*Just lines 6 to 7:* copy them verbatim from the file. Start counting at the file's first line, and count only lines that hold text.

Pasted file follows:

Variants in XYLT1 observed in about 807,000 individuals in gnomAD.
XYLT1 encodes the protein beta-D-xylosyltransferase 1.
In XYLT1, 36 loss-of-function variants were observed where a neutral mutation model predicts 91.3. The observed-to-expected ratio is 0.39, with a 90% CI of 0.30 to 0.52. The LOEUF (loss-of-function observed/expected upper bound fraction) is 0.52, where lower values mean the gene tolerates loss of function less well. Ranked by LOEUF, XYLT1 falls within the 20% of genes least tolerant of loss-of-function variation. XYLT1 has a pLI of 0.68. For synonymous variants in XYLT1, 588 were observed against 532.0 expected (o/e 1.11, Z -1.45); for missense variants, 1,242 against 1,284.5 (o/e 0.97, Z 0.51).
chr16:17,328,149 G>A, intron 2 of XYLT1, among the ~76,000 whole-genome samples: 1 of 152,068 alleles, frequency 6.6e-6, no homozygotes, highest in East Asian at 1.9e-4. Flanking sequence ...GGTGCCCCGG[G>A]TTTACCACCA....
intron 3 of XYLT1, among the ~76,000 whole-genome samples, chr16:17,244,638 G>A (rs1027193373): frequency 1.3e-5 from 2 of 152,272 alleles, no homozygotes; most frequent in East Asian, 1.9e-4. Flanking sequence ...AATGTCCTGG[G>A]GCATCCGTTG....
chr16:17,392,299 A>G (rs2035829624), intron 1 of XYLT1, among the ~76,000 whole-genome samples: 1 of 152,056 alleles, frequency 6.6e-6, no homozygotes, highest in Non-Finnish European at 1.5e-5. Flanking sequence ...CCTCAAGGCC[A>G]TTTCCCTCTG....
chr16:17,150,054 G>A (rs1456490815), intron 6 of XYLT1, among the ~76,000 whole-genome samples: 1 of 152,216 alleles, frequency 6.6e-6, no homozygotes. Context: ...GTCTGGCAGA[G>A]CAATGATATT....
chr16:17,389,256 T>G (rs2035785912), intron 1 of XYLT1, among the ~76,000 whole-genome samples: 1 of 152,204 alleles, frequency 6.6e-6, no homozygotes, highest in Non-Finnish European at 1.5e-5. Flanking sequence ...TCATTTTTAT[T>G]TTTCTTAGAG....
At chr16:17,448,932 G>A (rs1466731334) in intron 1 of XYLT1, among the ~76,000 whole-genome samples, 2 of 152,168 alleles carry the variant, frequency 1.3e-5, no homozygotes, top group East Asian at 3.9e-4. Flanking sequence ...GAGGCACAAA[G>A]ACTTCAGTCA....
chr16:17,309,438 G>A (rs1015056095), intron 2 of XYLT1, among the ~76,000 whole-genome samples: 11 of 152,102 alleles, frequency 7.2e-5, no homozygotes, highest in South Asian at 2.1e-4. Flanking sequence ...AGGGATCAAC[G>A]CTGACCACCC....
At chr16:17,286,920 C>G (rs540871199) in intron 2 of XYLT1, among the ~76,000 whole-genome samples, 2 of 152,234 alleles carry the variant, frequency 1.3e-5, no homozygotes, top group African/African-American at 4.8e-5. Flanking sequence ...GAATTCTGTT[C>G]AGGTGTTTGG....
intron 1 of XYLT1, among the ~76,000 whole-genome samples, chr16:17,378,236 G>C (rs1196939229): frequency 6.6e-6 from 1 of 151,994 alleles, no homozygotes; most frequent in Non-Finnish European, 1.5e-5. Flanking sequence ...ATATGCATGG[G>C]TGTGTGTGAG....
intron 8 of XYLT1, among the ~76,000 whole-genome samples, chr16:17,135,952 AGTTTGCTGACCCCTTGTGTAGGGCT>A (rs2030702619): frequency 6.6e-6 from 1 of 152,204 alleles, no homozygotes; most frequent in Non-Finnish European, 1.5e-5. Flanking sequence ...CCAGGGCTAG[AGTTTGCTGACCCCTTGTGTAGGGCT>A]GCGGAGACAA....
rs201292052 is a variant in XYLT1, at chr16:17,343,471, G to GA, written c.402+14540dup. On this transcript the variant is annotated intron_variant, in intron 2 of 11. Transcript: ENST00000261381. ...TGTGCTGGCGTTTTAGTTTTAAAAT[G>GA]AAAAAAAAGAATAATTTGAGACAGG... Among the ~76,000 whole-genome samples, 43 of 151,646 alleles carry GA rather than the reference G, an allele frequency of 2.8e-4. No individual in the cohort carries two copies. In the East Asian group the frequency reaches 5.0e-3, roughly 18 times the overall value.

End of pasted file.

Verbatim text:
chr16:17,392,299 A>G (rs2035829624), intron 1 of XYLT1, among the ~76,000 whole-genome samples: 1 of 152,056 alleles, frequency 6.6e-6, no homozygotes, highest in Non-Finnish European at 1.5e-5. Flanking sequence ...CCTCAAGGCC[A>G]TTTCCCTCTG....
chr16:17,150,054 G>A (rs1456490815), intron 6 of XYLT1, among the ~76,000 whole-genome samples: 1 of 152,216 alleles, frequency 6.6e-6, no homozygotes. Context: ...GTCTGGCAGA[G>A]CAATGATATT....